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US food and beverage companies disproportionately target Black and Latino consumers with advertising for high-calorie, low-nutrient products, including candy, sugary drinks, and snacks, according to a new study by the Rudd Center for Food Policy & Health at the University of Connecticut.
This targeted advertising has been a problem for years and is consistent with findings from other studies and reports, including the recent US Access to Nutrition Index 2022.
The millions of dollars companies spend on targeted marketing contributes to inequities in diet-related diseases in communities of color, including heart disease, obesity, and diabetes.
“Companies express how much they respect the culture and concerns of Black and Hispanic communities, but at the same time, they appear to ignore the negative health impacts of the products they promote to Black and Hispanic youth,” said Fran Fleming-Milici, PhD, study co-author and the Rudd Center’s director of Marketing Initiatives.
Companies Responsible for Targeted Food and Beverage Advertising
The Rudd Center analyzed TV advertising by all food and beverage companies.
However, 19 companies were responsible for 75% of all TV food and beverage advertising spending, 79% of Spanish-language TV advertising, and 82% of Black-targeted TV advertising.
These companies included:
- Kellogg Company
- The Coca-Cola Company
- The Hershey Company
- General Mills
- Mondelez International
- The Kraft Heinz Company
- Ferrero USA
- Nestle USA
- Keurig Dr Pepper
- Red Bull
- Campbell Soup Company
- Unilever United States
- Tyson Foods
- Danone North America
- The Wonderful Company
- Post Foods
- Conagra Brands, Inc.
Food and Beverage Advertising Spending Breakdown
Advertising for candy, sugary drinks, snacks, and cereals represented three-quarters of Spanish-language and Black-targeted TV ad spending in 2021, up from approximately one-half each in 2017.
Additionally, companies increased their focus on advertising to Spanish-speaking audiences from 2017 to 2021, increasing the proportion of TV ad dollars dedicated to Spanish-language TV (7.8% vs. 8.5%).
“Hispanics are a proud, diverse, culturally rich population that is now the largest racial/ethnic minority in the United States. Yet, food and beverage companies continue to bombard Hispanic families with targeted marketing for unhealthy food, which contributes to the health disparities that face this population,” said Dr. Amelie G. Ramirez, study co-author and director of Salud America! at the Institute for Health Promotion Research at UT Health San Antonio.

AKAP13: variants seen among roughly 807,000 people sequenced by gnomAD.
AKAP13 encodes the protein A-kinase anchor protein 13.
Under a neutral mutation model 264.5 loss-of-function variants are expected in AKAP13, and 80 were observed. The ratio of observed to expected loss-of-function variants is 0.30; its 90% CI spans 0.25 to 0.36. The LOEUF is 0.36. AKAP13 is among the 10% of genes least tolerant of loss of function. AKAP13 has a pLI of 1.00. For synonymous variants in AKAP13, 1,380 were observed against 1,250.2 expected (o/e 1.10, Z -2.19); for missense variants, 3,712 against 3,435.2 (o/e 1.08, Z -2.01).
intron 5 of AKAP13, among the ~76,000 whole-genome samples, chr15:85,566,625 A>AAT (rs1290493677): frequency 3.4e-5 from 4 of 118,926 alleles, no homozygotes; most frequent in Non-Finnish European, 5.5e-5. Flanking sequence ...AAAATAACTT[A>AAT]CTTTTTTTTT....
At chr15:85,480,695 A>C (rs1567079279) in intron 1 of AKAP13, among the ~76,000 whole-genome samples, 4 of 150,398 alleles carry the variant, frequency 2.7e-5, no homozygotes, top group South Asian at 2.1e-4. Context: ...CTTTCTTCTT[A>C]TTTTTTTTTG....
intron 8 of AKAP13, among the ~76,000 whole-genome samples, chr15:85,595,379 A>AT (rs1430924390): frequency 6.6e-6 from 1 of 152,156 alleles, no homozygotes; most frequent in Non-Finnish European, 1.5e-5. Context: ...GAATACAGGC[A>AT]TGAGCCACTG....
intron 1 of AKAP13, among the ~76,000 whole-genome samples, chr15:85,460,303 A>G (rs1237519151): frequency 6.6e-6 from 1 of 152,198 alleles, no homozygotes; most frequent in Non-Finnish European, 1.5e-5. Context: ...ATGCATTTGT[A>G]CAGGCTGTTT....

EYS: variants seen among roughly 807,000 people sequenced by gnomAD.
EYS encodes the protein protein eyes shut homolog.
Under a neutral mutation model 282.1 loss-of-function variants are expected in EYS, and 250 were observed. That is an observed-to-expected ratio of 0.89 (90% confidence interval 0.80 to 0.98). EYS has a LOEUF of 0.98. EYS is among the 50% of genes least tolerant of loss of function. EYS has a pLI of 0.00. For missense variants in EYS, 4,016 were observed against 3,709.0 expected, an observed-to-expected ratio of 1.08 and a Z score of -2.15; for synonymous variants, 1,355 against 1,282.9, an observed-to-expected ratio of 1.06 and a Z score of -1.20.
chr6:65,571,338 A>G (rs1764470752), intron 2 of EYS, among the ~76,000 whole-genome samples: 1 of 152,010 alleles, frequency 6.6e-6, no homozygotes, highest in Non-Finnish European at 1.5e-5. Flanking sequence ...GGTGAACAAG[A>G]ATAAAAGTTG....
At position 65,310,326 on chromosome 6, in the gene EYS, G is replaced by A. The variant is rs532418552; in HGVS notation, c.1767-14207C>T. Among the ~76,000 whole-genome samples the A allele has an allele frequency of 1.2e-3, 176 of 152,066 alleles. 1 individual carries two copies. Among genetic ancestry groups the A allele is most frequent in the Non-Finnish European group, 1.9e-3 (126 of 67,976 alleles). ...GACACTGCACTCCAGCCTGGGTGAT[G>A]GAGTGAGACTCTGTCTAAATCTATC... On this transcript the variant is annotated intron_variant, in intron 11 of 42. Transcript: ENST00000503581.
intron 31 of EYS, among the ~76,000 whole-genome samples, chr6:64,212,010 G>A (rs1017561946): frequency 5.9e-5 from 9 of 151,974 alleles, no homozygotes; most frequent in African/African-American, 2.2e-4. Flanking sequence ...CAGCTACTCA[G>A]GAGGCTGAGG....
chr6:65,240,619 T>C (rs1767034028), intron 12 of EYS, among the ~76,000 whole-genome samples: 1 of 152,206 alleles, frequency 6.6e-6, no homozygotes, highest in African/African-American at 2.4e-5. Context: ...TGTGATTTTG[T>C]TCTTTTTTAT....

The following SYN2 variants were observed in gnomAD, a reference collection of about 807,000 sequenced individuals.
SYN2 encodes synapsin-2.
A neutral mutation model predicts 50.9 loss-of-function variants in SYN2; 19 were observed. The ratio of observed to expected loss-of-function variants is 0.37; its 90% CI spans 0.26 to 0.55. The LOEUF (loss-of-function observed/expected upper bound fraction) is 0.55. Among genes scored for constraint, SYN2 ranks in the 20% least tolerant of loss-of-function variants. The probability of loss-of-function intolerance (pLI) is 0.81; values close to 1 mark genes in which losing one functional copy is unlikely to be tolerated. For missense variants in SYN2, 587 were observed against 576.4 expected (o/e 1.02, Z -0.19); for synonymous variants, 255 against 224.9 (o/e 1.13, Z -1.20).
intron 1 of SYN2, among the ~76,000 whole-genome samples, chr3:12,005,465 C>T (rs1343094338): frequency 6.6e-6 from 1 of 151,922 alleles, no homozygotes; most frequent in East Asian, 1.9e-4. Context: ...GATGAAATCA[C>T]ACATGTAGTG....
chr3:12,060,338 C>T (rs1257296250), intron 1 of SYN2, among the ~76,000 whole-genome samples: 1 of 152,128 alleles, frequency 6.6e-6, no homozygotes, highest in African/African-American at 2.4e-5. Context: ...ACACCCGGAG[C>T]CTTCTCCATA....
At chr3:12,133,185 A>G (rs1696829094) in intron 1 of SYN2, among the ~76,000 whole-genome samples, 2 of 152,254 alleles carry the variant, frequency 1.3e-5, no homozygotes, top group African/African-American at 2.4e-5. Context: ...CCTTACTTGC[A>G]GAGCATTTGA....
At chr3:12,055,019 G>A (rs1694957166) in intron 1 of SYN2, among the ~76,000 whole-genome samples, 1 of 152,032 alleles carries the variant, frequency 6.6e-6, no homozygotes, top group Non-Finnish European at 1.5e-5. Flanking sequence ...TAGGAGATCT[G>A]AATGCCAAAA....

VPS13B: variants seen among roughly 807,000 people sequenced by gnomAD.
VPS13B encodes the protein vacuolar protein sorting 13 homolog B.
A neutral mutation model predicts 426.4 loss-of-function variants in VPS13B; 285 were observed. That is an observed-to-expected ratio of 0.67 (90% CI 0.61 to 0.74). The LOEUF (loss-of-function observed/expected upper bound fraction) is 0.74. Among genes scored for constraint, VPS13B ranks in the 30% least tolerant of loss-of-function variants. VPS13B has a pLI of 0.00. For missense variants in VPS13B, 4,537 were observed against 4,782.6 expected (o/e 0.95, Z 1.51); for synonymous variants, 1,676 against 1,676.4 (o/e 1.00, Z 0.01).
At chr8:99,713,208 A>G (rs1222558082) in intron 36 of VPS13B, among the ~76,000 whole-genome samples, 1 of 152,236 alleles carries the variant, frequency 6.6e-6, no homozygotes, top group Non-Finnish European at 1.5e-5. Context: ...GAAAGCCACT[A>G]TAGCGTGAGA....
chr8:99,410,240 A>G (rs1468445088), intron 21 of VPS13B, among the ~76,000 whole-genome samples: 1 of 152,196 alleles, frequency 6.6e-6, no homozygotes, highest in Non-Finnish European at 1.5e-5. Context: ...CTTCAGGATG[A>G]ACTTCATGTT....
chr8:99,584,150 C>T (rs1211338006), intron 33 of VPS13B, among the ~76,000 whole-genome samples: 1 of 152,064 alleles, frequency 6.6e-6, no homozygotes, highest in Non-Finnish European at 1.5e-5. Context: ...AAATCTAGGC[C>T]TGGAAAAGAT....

Food and Beverage Marketing Strategies
The marketing strategies behind ethnically targeted food and beverage advertisements are alarmingly effective in influencing Black and Latino consumers.
For example, the study found that many advertising campaigns incorporated hip-hop and Latinx music celebrities and other youth-oriented themes.
“Celebrity endorsements significantly influence the company’s bottom-line. In fact, the immediate or short-term sales effects of celebrity endorsements are well-established by several studies,” according to a 2021 Journal of Retailing and Consumer Services study.
Additionally, the study found that companies have also increased the proportion of advertising budgets allocated to digital advertising.
This means that even if consumers spend less time watching TV, they could still see unhealthy food advertisements through digital platforms, such as social media.
Given the vast popularity of social media, especially among younger generations, continued and further exposure to unhealthy food and beverage advertisements on social media could have detrimental health effects.
Implications of Ethnically Targeted Food Advertising
Whether seen on TV or other digital platforms, unhealthy TV food and beverage advertising negatively impacts the health of Black and Latino consumers.
In fact, an unhealthy diet is the top risk of early death in the US.
Communities of color already face food-related health inequities that lead to poor health, such as food insecurity and one-third fewer grocery stores and farmer’s markets than White neighborhoods.
“The continued targeted advertising for high-calorie, low-nutrient products to these vulnerable communities is simply unacceptable. Hispanics deserve access to, and promotion of, healthier foods and drinks,” Dr. Ramirez said.
What Can We Do to Promote Health Equity in Food and Beverage Marketing?
Actions speak louder than words.
“If the industry really values these consumers, companies will take responsibility for advertising that encourages poor diet and related diseases. They can start by eliminating the marketing of unhealthy products to Hispanic youth and families,” Dr. Ramirez added.
Other ways to promote health equity in food and beverage marketing includes media companies establishing nutrition standards for the products they chose to advertise.
Policymakers can also support legislation to address unhealthy TV food and beverage advertising.
You can also help.
Select your county and get a Health Equity Report Card by Salud America! at UT Health San Antonio.
In your report card, you will see maps, data, and gauges to compare health equity issues, including access to fast food restaurants and grocery stores, to the rest of your state and nation.
Email your report card to local leaders and share on social media to raise awareness and action.
Get your Health Equity Report Card!
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By The Numbers
for every Latino neighborhood, compared to 3 for every non-Latino neighborhood